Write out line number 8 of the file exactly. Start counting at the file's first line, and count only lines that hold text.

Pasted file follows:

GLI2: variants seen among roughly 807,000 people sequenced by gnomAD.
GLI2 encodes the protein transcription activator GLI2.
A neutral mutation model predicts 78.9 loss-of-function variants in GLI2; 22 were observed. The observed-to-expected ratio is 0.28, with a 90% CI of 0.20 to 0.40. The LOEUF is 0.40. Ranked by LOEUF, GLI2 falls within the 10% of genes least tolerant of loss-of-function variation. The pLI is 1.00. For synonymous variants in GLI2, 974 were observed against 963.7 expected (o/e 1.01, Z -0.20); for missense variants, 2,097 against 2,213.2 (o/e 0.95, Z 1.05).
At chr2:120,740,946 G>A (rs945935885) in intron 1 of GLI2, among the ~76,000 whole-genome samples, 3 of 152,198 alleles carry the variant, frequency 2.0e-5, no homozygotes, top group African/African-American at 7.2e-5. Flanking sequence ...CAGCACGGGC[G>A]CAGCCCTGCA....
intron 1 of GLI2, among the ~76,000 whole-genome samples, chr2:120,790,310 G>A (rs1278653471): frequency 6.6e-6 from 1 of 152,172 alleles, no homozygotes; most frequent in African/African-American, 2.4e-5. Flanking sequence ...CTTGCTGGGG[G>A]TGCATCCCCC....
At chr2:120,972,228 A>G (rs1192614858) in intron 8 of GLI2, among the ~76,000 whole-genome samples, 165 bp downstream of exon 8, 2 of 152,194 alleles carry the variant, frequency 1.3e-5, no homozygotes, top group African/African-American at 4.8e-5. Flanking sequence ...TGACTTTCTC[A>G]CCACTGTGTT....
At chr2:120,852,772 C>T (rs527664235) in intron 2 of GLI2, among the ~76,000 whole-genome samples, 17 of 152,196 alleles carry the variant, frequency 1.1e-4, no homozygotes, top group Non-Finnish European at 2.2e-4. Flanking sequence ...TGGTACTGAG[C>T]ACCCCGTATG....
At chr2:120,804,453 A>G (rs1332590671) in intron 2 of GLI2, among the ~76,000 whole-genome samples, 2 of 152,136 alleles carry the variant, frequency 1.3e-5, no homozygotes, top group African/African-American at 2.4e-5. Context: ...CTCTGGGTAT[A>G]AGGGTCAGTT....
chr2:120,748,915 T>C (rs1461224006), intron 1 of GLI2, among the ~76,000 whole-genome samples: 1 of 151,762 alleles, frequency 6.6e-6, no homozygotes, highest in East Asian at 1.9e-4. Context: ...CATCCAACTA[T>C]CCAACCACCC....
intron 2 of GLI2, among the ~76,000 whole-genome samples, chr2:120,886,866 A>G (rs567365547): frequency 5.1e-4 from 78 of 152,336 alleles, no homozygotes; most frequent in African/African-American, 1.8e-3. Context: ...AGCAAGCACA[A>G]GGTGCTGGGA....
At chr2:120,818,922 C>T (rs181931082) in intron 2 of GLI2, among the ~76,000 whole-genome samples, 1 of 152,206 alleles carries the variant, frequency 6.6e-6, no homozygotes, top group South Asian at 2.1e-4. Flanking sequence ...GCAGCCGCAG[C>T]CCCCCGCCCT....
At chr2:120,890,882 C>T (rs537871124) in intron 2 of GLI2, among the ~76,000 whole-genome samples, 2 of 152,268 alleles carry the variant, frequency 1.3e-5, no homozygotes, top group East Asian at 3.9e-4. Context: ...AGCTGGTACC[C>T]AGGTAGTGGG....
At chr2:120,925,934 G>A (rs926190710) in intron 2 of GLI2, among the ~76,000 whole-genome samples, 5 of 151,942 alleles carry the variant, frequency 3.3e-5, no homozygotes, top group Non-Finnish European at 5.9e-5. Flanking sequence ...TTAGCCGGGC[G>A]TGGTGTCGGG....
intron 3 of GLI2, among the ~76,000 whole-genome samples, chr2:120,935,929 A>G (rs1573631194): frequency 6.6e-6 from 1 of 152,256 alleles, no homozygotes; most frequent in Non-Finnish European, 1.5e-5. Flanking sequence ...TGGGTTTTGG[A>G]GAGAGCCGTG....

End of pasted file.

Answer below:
At chr2:120,804,453 A>G (rs1332590671) in intron 2 of GLI2, among the ~76,000 whole-genome samples, 2 of 152,136 alleles carry the variant, frequency 1.3e-5, no homozygotes, top group African/African-American at 2.4e-5. Context: ...CTCTGGGTAT[A>G]AGGGTCAGTT....